After that a short film on the life of Doreen which included clips of Doreen actually speaking.
Following on, a reading of “Elegy for a Dead Witch” by Sarah Kay.
Then we were treated to Ginger Wine, cucumber sandwiches (with the crusts cut off), and Battenburg cake – all favourites of Doreen’s.
The book can be purchased online from our online store: http://www.shop.doreenvaliente.org/
and all profits support the Doreen Valiente Foundation.
The Doreen Valiente Foundation will be back in Brighton for Witchfest 2016.
Witchfest is on 25th/26th/27th November which is also the final weekend
for the display of Doreen’s artefacts at Preston Manor.
We’ll have a stall out with the other community and charity
organisations during some of the day where you can buy books,
merchandise and Foundation memberships as well as a few “Witchfest
specials” (which you can also buy online from our webstore).
Of course Witchfest will see us take to the stage again, one year on
from John Belham-Payne making the announcement about the opening of the
exhibition. As mentioned above, Witchfest weekend will be the last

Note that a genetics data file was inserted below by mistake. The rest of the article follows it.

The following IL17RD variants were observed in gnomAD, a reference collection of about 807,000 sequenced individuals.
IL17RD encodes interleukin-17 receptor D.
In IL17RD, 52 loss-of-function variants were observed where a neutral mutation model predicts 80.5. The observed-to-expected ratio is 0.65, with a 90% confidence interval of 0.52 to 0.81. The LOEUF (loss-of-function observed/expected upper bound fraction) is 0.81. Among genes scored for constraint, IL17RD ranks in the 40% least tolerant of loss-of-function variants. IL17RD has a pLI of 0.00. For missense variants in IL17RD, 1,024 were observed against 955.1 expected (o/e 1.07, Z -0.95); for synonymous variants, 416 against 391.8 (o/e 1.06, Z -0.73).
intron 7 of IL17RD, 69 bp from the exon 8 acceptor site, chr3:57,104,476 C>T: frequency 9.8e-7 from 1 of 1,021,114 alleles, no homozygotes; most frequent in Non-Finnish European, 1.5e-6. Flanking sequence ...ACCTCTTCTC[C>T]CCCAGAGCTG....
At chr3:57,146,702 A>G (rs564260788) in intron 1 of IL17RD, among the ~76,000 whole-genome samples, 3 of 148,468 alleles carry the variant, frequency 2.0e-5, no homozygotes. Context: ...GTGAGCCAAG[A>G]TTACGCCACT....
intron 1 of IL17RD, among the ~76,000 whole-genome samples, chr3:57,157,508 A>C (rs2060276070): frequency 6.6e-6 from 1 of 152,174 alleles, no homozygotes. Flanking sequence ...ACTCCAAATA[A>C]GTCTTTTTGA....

chance to see the exhibition, just up the road in Brighton at Preston
Manor – click here for more details
) and we’ll be looking back at this historic year, talking about the
exhibition and our future plans and remembering John who so tragically
passed away in February, just before the exhibition opened. We’ll also
have our trustee Ashley Mortimer popping up on the Witchfest “Ask A
As if that wasn’t enough, there’s the new play about Doreen Valiente
entitled “Doreen, An English Witch” which is playing during the weekend
with it’s final performance on the Sunday afternoon – More information here.
For those without tickets for the play, or those who want to have a bit of a gathering on the Sunday morning, we’ll be at the Marlborough Theatre
from 11.30am on Sunday 27th where you can come and chat to us, get
directions to Preston Manor or just warm up for the play in the
The Doreen Valiente Foundation
is a charitable trust dedicated to the protection and preservation of
pagan heritage and to making it accessible to the public. Support us by
donating money, sponsoring us or by buying books and merchandise from
the Doreen Valiente Webstore
As we are in the time of the Roman – or possibly pre-Roman festival of Lupercalia, Feb 13 – 15th, I thought I would find out if it had any links to the Christian St Valentines day 14 February.
My research confirmed my suspicions, that Pope Gelasius I, had super-imposed St Valentines day onto the Pagan festival of Lupercalia.
Valentines day is named after 2 men who had been executed by Emperor Claudius II — both named Valentine —
on Feb. 14 of different years in the 3rd century A.D. Their martyrdom
was honoured by the Catholic Church with the celebration of St.
I must say the Roman festival sounds more fun and more likely to achieve its purpose of fertility (see the heat map of births which coincide with a gestation which would follow conception on or around the festival).